If you’re setting up new phones, gauges, meters, or other electronic devices, or if you have existing electronics in your business, an equipment calibration may be necessary. What is an electronic calibration? Calibration checks a device’s measurements by comparing them to the standards set by a calibration equipment, such as phone test sets and meters for new telephone installations. It doesn’t adjust any settings, but it will make any discrepancies between the device and the reliable calibration standards known.
Not sure if your building has equipment that needs calibrating? Here are some reasons you may require an electronic calibration of a meter or electronic device in your business.
1. New items: New items should always be calibrated before they are used. A good example of this would be the installation of a telephone system. Phone test sets read dial tones and data and can determine whether a network is properly set up. Phone test sets can also test last number redials and polarity and are essential for all telecommunications professionals. Meter calibration is also necessary for new meters, such as those for gas, electric, and water in a home.
2. Changes: If an instrument has been repaired or modified in any way, such as after a repair, then it will need to be calibrated. This will ensure that any repairs or changes have not done any damage to the meter or other item in question. For phone systems that have been upgraded, calibration can ensure that nothing was damaged. Further changes to adjust settings will be made from there.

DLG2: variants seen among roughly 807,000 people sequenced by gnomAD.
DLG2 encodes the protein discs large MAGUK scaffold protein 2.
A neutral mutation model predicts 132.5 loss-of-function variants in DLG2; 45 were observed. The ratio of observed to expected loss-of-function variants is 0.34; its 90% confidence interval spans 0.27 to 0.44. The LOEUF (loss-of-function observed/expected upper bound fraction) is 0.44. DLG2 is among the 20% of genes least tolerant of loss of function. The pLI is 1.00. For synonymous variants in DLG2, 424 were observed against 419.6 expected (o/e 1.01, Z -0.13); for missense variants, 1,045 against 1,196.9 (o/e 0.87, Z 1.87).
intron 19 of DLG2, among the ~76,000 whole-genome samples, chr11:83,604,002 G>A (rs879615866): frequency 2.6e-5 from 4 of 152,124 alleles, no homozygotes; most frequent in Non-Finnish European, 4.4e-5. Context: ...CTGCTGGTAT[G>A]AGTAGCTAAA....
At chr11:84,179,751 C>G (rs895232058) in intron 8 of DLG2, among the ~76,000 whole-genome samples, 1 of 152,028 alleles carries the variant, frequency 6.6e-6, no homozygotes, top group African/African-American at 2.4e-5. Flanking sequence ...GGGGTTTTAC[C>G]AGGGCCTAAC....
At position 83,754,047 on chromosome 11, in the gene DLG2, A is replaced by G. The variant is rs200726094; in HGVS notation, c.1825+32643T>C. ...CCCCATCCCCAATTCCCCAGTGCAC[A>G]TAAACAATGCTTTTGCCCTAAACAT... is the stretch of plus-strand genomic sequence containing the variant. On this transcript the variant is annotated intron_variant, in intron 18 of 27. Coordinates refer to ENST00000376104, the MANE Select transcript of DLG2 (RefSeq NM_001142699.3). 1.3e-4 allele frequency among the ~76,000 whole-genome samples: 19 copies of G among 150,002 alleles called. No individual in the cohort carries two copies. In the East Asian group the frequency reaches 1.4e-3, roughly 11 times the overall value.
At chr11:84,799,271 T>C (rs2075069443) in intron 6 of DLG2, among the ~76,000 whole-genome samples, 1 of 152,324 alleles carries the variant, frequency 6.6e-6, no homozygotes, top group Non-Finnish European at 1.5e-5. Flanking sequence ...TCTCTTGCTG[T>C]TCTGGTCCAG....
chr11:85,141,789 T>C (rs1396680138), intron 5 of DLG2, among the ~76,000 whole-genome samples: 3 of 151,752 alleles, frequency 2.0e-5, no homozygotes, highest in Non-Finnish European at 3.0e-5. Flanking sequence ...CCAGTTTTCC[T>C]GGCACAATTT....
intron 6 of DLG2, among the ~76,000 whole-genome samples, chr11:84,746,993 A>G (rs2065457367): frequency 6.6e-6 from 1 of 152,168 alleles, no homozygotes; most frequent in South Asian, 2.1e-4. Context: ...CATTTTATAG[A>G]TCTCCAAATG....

3. Usage: Some meters and other devices will require an onsite calibration after a specific time period or usage period has elapsed, especially if the item in question needs routine inspections. Also, if there has been a critical measurement for a meter, it may need to be calibrated and reset.
4. Damage: If an instrument such as a meter has had a shock or vibration, or if it has been exposed to any adverse or dangerous weather conditions, it will need to be calibrated to keep it working. Electrical shocks and outages can cause problems for some electronic devices, and events like earthquakes can interfere with readings. Also, even if no major event has occurred, any questionable performance from instruments should always be examined with a test set.
Although there are plenty of test sets available to the public, some of these items require special training for use. If you aren’t sure how to use them, be sure to call a professional calibration or test service to check your devices and meters for you. Have questions about calibration tests? Leave a comment or ask a professional today. More information like this.